The NIH will soon be funding research into obtaining pluripotent stem cells from non embryonic sources. Wherever one stands on the Bush funding policy or human cloning research, this should be cause for celebration. After all, don't the scientists always say we should research all areas of the science?
Now, in Nature Reports Stem Cells
(of all places), Marcus Grompe of the Oregon Stem Cell Center writes that alternative methods are very much worth pursuing. Demonstrating how this issue cuts across many different areas of human thought and contemplation, Grompe discusses the issue of the soul--in a science journal
! From the column
To me, the very fact that embryos produced in IVF clinics become babies and eventually adult humans means that they are human (and have a human soul) from the very beginning. It also means that they have a special moral status and should not be destroyed for any reason, even for the creation of ES cell lines. In contrast, an entity that by its very constitution cannot develop as a human organism does not have a soul (or its proper or 'substantial' form) and hence is not an embryo, not a human organism at all.
Grompe criticizes both sides for hyping the current state of the science in both embryonic and adult stem cells, and proceeds to support alternative methods, two of which he believes hold great promise. The first is cell regression, in which adult cells may be able to be de-differentiated back to a stem cell state. He seems most enthusiastic about my good friend Bill Hurlbut's proposal for altered nuclear transfer, or ANT:
Contrary to some claims that this approach generates 'disabled embryos', it is reasonable to expect--based on studies with mice--that ANT attempted with human cells would not produce a living member of the human species. The idea is to use genetic modification in combination with somatic cell nuclear transfer into oocytes [eggs] to directly produce cells capable of generating pluripotent stem cells, but without making an embryo.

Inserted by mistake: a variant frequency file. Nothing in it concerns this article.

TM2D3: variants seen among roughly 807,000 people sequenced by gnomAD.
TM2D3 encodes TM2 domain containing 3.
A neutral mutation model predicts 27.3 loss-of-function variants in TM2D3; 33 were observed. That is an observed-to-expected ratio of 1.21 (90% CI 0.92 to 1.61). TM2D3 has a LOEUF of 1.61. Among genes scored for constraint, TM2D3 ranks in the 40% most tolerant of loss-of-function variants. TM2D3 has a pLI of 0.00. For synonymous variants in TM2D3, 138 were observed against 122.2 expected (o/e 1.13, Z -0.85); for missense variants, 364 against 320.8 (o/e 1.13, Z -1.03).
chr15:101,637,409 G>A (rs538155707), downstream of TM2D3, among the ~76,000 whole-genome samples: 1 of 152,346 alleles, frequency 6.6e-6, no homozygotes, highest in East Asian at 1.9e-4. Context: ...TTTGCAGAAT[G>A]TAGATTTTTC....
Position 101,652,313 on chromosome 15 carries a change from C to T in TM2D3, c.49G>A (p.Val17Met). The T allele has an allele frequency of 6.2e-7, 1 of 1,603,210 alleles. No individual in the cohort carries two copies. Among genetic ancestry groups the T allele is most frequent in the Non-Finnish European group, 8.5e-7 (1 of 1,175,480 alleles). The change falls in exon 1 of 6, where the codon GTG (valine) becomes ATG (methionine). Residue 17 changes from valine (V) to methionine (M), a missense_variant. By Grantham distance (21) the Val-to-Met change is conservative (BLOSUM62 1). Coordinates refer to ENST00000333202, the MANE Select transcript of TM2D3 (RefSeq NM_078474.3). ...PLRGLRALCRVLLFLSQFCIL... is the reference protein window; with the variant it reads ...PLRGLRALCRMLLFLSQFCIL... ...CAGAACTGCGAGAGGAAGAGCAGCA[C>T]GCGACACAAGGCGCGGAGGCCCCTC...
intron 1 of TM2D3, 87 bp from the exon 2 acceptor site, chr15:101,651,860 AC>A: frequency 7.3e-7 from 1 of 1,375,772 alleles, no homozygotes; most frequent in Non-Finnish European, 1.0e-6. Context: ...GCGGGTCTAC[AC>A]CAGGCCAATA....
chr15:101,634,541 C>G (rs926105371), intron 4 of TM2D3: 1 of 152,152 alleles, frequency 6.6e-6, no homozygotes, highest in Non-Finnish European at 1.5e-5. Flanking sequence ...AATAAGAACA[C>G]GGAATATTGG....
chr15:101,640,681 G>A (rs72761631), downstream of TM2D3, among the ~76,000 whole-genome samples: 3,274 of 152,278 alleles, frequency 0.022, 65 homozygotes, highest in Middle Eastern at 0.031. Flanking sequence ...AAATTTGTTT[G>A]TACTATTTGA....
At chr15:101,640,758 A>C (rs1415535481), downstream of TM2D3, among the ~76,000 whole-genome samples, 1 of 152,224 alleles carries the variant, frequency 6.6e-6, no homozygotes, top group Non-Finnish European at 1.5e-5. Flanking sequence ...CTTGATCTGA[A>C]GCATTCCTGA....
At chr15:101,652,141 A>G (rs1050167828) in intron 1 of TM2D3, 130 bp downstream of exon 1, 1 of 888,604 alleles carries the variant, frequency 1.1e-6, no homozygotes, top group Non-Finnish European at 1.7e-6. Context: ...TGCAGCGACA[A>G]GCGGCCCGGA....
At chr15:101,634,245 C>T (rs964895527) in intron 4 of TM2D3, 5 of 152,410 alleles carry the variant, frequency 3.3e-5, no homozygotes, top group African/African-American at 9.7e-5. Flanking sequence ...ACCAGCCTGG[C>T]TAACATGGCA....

And he explains in scientific language that is a little too lengthy to quote here, why the cell mass created through ANT would not be an embryo. He concludes with a call for unity around research that is not morally contentious and can achieve social consensus.
In the meantime, I believe that the ethical concerns regarding the destruction of human life--however tiny and fragile--outweigh the potential benefits of producing new embryo-derived cell lines. This is a view shared by many of the general public. Clearly, the best way forward would be to find a technological solution that at once sustains social consensus and opens up biomedical advances.
Thanks for Marcus Grompe for writing such a good piece and to Nature Reports Stem Cells
for publishing it. In the current ideologically strident atmosphere that permeates the Science Establishment, it takes guts--especially for a scientist--to make such assertions in the face of the scientistic demagogues who readily castigate anyone with ethical objections to ESCR or human SCNT as "anti-science." Agree or disagree, Grompe's article is a must-read for anyone engaged in the great stem cell debate. Check it out.